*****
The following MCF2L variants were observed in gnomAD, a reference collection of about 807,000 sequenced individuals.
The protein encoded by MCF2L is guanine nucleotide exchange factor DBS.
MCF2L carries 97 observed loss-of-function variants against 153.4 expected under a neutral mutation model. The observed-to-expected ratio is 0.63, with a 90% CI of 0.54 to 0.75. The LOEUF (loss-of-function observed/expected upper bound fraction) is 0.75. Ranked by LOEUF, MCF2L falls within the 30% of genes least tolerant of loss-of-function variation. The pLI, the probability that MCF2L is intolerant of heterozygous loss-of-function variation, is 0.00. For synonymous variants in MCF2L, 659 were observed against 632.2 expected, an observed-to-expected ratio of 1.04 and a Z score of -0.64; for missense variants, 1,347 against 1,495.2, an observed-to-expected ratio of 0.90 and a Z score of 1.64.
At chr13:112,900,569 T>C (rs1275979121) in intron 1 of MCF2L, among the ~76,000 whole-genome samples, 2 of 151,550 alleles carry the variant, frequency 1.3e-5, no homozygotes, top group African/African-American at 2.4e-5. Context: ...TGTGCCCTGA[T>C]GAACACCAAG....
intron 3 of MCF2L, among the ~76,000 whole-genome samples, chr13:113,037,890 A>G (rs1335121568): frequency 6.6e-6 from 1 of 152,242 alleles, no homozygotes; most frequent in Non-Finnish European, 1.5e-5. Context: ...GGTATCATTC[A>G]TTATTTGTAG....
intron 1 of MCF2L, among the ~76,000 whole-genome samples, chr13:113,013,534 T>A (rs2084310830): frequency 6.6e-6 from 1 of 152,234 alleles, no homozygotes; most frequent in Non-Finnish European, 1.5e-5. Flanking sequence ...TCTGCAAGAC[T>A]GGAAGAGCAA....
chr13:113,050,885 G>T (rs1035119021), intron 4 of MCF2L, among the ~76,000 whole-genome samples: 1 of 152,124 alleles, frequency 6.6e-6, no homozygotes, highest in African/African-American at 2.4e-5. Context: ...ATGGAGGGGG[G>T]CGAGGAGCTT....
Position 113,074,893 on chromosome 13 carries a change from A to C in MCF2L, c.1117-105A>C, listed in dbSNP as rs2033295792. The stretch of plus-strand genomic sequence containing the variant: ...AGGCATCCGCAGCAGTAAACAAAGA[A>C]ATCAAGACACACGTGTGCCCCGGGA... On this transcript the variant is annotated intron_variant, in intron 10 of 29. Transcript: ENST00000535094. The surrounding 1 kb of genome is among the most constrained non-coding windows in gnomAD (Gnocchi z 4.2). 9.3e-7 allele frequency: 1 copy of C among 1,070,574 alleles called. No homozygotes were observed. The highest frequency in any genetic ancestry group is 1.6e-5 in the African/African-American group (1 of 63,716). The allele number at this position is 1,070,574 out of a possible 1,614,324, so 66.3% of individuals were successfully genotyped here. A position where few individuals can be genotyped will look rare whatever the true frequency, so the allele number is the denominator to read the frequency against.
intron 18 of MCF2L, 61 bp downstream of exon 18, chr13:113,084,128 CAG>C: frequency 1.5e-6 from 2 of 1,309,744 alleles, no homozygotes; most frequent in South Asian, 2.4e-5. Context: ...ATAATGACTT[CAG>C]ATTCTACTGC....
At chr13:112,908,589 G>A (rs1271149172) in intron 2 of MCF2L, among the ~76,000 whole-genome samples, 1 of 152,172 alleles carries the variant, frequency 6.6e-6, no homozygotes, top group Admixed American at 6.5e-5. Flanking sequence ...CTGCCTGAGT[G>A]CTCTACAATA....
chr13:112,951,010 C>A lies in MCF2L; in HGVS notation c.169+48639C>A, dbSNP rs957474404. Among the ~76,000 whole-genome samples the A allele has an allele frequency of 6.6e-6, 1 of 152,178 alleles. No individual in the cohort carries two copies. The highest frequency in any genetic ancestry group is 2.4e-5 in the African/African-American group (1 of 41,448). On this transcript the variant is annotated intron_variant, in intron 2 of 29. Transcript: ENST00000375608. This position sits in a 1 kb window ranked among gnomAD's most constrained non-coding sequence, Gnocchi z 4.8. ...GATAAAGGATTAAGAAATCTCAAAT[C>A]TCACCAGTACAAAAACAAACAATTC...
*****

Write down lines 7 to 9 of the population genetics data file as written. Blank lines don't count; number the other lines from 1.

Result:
chr13:113,050,885 G>T (rs1035119021), intron 4 of MCF2L, among the ~76,000 whole-genome samples: 1 of 152,124 alleles, frequency 6.6e-6, no homozygotes, highest in African/African-American at 2.4e-5. Context: ...ATGGAGGGGG[G>T]CGAGGAGCTT....
Position 113,074,893 on chromosome 13 carries a change from A to C in MCF2L, c.1117-105A>C, listed in dbSNP as rs2033295792. The stretch of plus-strand genomic sequence containing the variant: ...AGGCATCCGCAGCAGTAAACAAAGA[A>C]ATCAAGACACACGTGTGCCCCGGGA... On this transcript the variant is annotated intron_variant, in intron 10 of 29. Transcript: ENST00000535094. The surrounding 1 kb of genome is among the most constrained non-coding windows in gnomAD (Gnocchi z 4.2). 9.3e-7 allele frequency: 1 copy of C among 1,070,574 alleles called. No homozygotes were observed. The highest frequency in any genetic ancestry group is 1.6e-5 in the African/African-American group (1 of 63,716). The allele number at this position is 1,070,574 out of a possible 1,614,324, so 66.3% of individuals were successfully genotyped here. A position where few individuals can be genotyped will look rare whatever the true frequency, so the allele number is the denominator to read the frequency against.
intron 18 of MCF2L, 61 bp downstream of exon 18, chr13:113,084,128 CAG>C: frequency 1.5e-6 from 2 of 1,309,744 alleles, no homozygotes; most frequent in South Asian, 2.4e-5. Context: ...ATAATGACTT[CAG>C]ATTCTACTGC....